Thursday, January 05, 2006

The Uncertainty Principal of Architectural Theory

Last fall, Jeff Kipnis presented a chapter from his upcoming book at Columbia’s Graduate School of Architecture Planning and Preservation. The thrust of the presentation involved three different readings of the Maison Domino diagram, and the continuing interpretation today. The following is a transcription DYWSC? has made from Mark Wigley’s introduction of Mr. Kipnis. It presents an interesting, tangled little knot of thought…
[Mark speaking of his early 80’s befriending of people like Peter Eisenman and Jeff Kipnis at a time of intense debate.] That’s the beginning of denouncing architectural theory. If anyone should be blamed for that, it is surely Peter [Eisenman]. Referring to him twice [in this introduction] gives you a sense of the meaning of a particular moment of time. [To this] group of people, the architect was first and foremost an intellectual, that is to say a theorist. Therefore, to theorize was to be an architect.

That little translation had occurred at that time. For the first time perhaps there was a generation of people who were architects who never produced buildings, but never regarded themselves as being at any distance from architecture; in fact carrying out architecture in a sense more directly.

That generation was born in friendship and debate, and immediately that spurned a discussion about the possible futures of architecture in the hands of these people. Sadly, the controversy has died now. And all of those people that were such close friends at that time have established themselves and have become monuments that have to be attacked by other generations. We have already been through that.

[...] If an architect is a kind of a theorist, if a person devotes himself to theory and nothing but theory, and feels in so doing that they get to the intimate heart of architectural production (as distinct from moving away from it) these people may be even closer to the heart of the architect than the architects can be of themselves. One could argue that if an architect could theorize their own work to the same degree that scholars theorize their own work, then work would simply stop. So in a sense, a theorist of architecture may be able to become more intimate with the very thing that they don’t do -- to produce buildings. I think Jeffrey in every way exemplifies that.

(I don’t mean this in an arrogant way, as a sort of arrogance of the scholar, but something much more modest.) Precisely those who do not practice are able to slip beneath the inhibitions of the practicing architect, to locate what it is that the architect treasures the most, but could never speak of directly for fear of killing that practice that they’re involved in.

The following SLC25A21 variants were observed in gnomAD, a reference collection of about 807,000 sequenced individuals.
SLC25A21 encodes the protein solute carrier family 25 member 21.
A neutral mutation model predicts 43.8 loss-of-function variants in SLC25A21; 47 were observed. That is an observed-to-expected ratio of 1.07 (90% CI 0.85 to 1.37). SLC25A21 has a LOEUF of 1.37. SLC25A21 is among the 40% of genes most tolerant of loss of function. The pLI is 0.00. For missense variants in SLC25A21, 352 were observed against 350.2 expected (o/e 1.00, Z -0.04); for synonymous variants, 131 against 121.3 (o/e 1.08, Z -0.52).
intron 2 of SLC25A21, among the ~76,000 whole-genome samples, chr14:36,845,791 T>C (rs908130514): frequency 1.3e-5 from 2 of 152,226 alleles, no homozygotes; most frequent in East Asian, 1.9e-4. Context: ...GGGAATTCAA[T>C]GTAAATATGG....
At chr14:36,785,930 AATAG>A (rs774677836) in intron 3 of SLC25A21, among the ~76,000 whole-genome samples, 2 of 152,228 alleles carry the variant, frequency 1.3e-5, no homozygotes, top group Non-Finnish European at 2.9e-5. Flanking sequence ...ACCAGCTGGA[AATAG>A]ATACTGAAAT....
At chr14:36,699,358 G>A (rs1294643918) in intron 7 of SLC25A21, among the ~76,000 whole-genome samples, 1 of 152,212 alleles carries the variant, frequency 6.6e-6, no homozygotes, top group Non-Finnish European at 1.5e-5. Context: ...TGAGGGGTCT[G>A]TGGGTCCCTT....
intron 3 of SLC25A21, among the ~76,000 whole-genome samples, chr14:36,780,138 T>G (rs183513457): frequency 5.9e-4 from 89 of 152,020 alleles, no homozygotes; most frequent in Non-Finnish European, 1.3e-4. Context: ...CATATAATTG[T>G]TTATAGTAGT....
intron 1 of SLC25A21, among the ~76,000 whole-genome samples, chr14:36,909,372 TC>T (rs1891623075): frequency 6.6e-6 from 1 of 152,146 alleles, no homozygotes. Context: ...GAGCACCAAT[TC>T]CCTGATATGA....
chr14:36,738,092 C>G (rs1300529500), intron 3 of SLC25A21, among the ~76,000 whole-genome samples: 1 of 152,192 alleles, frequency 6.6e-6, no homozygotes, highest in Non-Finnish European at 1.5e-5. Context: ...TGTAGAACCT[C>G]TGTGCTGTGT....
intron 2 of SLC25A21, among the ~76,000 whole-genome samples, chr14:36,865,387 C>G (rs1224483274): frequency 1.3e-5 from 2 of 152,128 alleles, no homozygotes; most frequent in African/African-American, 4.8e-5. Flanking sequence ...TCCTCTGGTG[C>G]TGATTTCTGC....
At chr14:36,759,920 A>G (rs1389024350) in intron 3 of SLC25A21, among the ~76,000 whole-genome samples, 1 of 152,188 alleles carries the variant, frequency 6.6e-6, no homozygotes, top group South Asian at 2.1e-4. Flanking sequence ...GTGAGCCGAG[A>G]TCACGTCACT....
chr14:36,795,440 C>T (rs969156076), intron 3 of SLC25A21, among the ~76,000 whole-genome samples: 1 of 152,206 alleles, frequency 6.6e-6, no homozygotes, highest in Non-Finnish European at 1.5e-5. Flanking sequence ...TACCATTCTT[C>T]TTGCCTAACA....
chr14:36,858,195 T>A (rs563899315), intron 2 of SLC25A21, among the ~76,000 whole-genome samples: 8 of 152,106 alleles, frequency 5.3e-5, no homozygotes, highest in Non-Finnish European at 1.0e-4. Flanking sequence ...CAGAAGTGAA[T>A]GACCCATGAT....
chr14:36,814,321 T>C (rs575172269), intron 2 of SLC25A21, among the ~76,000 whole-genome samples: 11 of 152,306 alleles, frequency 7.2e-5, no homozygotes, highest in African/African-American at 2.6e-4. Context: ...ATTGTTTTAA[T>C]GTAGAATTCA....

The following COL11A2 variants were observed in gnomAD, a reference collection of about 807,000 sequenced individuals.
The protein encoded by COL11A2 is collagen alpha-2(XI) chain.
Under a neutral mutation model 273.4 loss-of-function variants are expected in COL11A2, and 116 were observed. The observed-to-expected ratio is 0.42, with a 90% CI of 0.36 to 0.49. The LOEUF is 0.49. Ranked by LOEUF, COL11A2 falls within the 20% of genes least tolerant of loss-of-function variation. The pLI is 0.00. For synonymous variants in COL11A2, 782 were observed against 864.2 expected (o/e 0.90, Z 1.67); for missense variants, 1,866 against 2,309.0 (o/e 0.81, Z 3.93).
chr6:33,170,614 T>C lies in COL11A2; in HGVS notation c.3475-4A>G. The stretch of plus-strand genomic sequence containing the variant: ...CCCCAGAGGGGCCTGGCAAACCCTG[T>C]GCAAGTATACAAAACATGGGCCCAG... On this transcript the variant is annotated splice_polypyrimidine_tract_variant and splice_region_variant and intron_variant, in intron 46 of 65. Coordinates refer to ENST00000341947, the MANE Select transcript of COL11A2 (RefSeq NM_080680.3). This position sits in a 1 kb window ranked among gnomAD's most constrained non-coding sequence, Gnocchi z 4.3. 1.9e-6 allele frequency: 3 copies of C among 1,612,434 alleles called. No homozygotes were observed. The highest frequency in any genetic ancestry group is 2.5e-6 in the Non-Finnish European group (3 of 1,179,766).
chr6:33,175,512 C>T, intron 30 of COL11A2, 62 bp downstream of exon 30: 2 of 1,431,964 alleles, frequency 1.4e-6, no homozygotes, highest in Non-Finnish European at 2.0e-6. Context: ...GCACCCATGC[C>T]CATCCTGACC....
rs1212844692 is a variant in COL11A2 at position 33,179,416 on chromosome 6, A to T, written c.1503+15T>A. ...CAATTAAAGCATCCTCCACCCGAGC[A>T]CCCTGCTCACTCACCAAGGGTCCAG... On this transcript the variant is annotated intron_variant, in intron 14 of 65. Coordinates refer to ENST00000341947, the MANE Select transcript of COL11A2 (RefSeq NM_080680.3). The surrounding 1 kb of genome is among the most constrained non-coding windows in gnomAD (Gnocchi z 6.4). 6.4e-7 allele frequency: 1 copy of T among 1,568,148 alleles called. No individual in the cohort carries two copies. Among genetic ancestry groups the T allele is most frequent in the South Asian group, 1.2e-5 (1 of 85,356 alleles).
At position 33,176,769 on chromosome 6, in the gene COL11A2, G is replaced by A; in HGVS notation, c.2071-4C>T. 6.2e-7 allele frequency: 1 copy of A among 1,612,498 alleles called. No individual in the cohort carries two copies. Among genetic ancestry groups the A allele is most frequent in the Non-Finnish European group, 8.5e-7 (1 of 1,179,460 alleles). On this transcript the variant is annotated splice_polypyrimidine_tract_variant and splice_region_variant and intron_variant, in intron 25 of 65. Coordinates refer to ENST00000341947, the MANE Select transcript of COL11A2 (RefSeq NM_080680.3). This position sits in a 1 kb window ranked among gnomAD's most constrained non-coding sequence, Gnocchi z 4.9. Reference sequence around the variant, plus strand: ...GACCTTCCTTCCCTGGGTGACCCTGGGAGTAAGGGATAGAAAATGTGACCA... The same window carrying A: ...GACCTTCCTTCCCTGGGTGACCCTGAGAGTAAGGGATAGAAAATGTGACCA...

If you’re a really good architect, you may not know what it is that you do. In the same way it may be of the architectural theorist. In the end it may be that the architectural theorist doesn’t exactly know the nature of architectural theory. [...]
The underlying assumptions of these comments speak to the location of soul of architecture. Mr. Wigley implies that in order to understand something entirely one must be removed from it. One must observe all its facets or dimensions. Similarly, sympathizing or empathizing with events inherently implies separation from the events that one observes.

This is disturbing because it presents a barrier between architects and Architecture. With such an unnerving conclusion, could there be a hole in this logic? Perhaps there is one place. These observations require readers to believe that such a separation exists; what if it couldn’t?

Consider betting on a coin toss. In order to win, one must not comment on the coin, but instead on its state. In saying “Heads” or “Tails” one is commenting on the final orientation of randomly tossed coin. Acknowledging Mr. Wigley’s point, that Architecture is both theory and practice, aren’t architects required to do both to succeed? Could these be the two sides of the same coin? In order to make any design decision, we should have a construct of how design works, how buildings come to carry information, or how people read buildings. Without a bias or idea, how are descisions made?

The way we communicate could be drawing an artificial line here. When Louis Kahn asked, “And if you think of Brick, for instance, and you say to Brick, ‘What do you want Brick?’” he could have answered it in two distinct ways. If he spoke or wrote, answering with words, that activity would have a label. If he drew or built to illustrate his ideas, that activity would have a different label.

As Peter Eisenman once said at a jury “Architecture is always on the boards,” and elsewhere, “Architecture only exists as it displaces itself," meaning that Architecture’s soul is in the discussion, not the body of amassed work. In this way, it is hard to privilege on perspective from another, and harder still to differentiate between them. It is always becoming.

3 Comments:

Anonymous Blite said...

This post is oddly circular, did you mean that?

1:31 AM  
Anonymous Anonymous said...

Where did you get this text?

6:05 AM  
Blogger J said...

Dear Blite et al,

I transcribed the text from a recording. It was nice to attend even without being there, the the GSAPP is great about recording their events.

I think the topic's circularity is a problem. The attack is on the arguements construction though, and I think it should be more closely analyzed. I saw that as a big fan of Mr. Wiggly's intro; that's why I wrote it down.

12:50 PM  

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